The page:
Wall Street can't generate enthusiasm for Brazilian restaurateur Arcos Dorados
So who has it right? The professional class of analysts sitting in their paneled offices smoking stogies, or a motley community of investors pooling their best thoughts for others to share? We think we know who'll come out ahead. How about you?
Arcos Dorados Snapshot
|Market Cap||$2.8 billion|
|Revenues, TTM||$3.8 billion|
|1-Yr. Stock Return||(50.4%)|
|Return on Investment||7.6%|
|Est. 5-Yr. EPS Growth||24.3%|
|Dividend & Yield||$0.24/1.8%|
|CAPS Rating (out of 5)||*****|
Source: FinViz.com. TTM = trailing 12 months.
Of course, as much as we love our CAPS community, don't buy a company just because it's garnered top ratings. And don't sell it just because Wall Street says to either. Investing requires closer diligence on your part, so use a stock's CAPS rating as a launching pad for your own research.
With Europe falling apart financially, it's really the last place you want exposure to at the moment. With even Switzerland, one of the stalwarts of the Continent, now grinding to a halt economically (analysts are forecasting contraction in the third quarter) it looks like the worst is yet to come.
And that just happens to be one of the investment theses behind the Latin American McDonald's
With Arcos Dorados being the dominant industry force, its fastest-growing region is its southern Latin American division, comprising Argentina, Chile, Colombia, Ecuador, Peru, Uruguay, and Venezuela. Revenues grew 45% last quarter compared to 40% growth in the northern division and a 6% increase in Brazil.
Admittedly, the economy of its home country, Argentina, has essentially ground to a halt because of President Kirchner's expropriation of Spanish oil giant YPF's assets. Still, the rest of the key countries are doing fairly well. Colombia just surpassed Argentina to become the second-largest economy in South America and the third-largest in Latin America behind Brazil and Mexico, and Venezuela is currently enjoying a spending spree by its strongman leader Hugo Chavez as he campaigns for reelection (though it's hardly sustainable).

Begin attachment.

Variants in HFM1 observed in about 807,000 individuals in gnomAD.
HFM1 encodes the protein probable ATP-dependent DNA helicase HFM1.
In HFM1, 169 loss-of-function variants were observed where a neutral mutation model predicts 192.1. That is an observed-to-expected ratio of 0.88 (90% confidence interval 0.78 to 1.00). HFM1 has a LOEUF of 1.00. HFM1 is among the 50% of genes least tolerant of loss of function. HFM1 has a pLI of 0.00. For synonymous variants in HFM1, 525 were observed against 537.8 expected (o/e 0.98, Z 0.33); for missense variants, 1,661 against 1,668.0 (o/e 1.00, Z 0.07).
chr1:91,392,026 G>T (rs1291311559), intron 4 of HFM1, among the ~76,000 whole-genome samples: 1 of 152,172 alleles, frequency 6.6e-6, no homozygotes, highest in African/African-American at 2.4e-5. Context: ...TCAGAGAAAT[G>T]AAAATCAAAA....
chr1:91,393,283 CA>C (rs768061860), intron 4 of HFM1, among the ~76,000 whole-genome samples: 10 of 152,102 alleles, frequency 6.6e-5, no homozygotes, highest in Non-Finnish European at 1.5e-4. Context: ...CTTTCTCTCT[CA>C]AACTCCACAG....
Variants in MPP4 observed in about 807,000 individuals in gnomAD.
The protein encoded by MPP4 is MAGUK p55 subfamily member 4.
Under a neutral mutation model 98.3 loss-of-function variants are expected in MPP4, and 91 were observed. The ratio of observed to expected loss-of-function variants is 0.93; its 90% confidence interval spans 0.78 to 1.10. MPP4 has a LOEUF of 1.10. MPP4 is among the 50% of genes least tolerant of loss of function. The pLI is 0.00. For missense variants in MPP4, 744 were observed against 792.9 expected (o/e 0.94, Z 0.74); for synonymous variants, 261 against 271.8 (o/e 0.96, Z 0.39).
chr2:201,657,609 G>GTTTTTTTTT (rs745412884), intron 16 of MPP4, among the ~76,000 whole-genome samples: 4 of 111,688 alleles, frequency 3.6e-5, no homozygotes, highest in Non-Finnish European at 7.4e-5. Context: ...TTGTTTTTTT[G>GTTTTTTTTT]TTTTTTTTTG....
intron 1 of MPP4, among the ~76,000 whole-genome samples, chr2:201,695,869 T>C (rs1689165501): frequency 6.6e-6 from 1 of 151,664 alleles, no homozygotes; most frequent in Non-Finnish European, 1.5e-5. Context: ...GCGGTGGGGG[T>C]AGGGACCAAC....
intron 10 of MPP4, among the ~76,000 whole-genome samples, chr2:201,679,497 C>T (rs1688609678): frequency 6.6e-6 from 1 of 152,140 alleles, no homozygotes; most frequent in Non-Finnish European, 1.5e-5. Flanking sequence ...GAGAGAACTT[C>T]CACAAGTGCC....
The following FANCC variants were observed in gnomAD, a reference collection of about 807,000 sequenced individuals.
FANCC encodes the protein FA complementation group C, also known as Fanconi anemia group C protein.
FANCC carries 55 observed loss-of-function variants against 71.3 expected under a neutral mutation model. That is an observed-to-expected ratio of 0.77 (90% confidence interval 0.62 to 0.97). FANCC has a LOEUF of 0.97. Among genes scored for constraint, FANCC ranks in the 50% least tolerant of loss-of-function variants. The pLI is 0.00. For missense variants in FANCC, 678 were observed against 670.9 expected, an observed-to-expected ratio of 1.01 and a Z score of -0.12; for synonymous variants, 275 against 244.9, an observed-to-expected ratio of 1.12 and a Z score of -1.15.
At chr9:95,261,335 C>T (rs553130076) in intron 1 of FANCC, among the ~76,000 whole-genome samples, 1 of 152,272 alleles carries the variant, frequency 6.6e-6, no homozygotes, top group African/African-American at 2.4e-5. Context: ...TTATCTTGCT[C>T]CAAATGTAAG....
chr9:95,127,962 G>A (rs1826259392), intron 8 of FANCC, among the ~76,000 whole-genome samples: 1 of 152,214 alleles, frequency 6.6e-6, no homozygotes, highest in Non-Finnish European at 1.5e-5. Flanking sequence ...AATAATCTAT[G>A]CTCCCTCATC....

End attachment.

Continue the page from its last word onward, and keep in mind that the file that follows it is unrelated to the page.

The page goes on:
Build up, build out
I've noted previously that Arcos Dorados is being weighed down by its contractual requirements to build out the chain. As part of its master franchise agreement with McDonald's, Arcos is required to invest at least $180 between 2011 and 2013 to open at least 250 restaurants. It's also going to spend as much as $250 million more on an additional 100 stores that it agreed to open as part of having raised $400 million reals last year. As I pointed out, that speaks of extensive demand, not a picture of contraction.
Yet it's causing it to burn through cash now and skewing the picture, but at 17 times earnings estimates it's not overly expensive, particularly when compared to its growth estimates. As CAPS member jspendmd1 suggests, it's like buying into McDonald's alongside Ray Kroc. "This is the beginning of the second best food franchiser ever. With the input of McD, and the whole of South America at its fingertips, you must get in now."
I agree Arcos Dorados is a bargain at these prices, but tell me in the comments box below if you agree the Latin American golden arches are being unfairly tarnished.
What's wrong with that?
Of course, Arcos Dorados isn't the only south-of-the-border growth story. The Motley Fool has identified one top stock that could be considered the "Costco of Latin America" and you can get full access to the free report by downloading your copy today! But hurry, because it's available only for a limited time.
Fool contributor Rich Duprey owns shares of Arcos Dorados Holding, but he holds no other position in any company mentioned. Click here to see his holdings and a short bio. The Motley Fool owns shares of Darden Restaurants, Arcos Dorados Holding, and McDonald's. Motley Fool newsletter services have recommended buying shares of McDonald's. The Motley Fool has a disclosure policy. We Fools may not all hold the same opinions, but we all believe that considering a diverse range of insights makes us better investors. Try any of our Foolish newsletter services free for 30 days.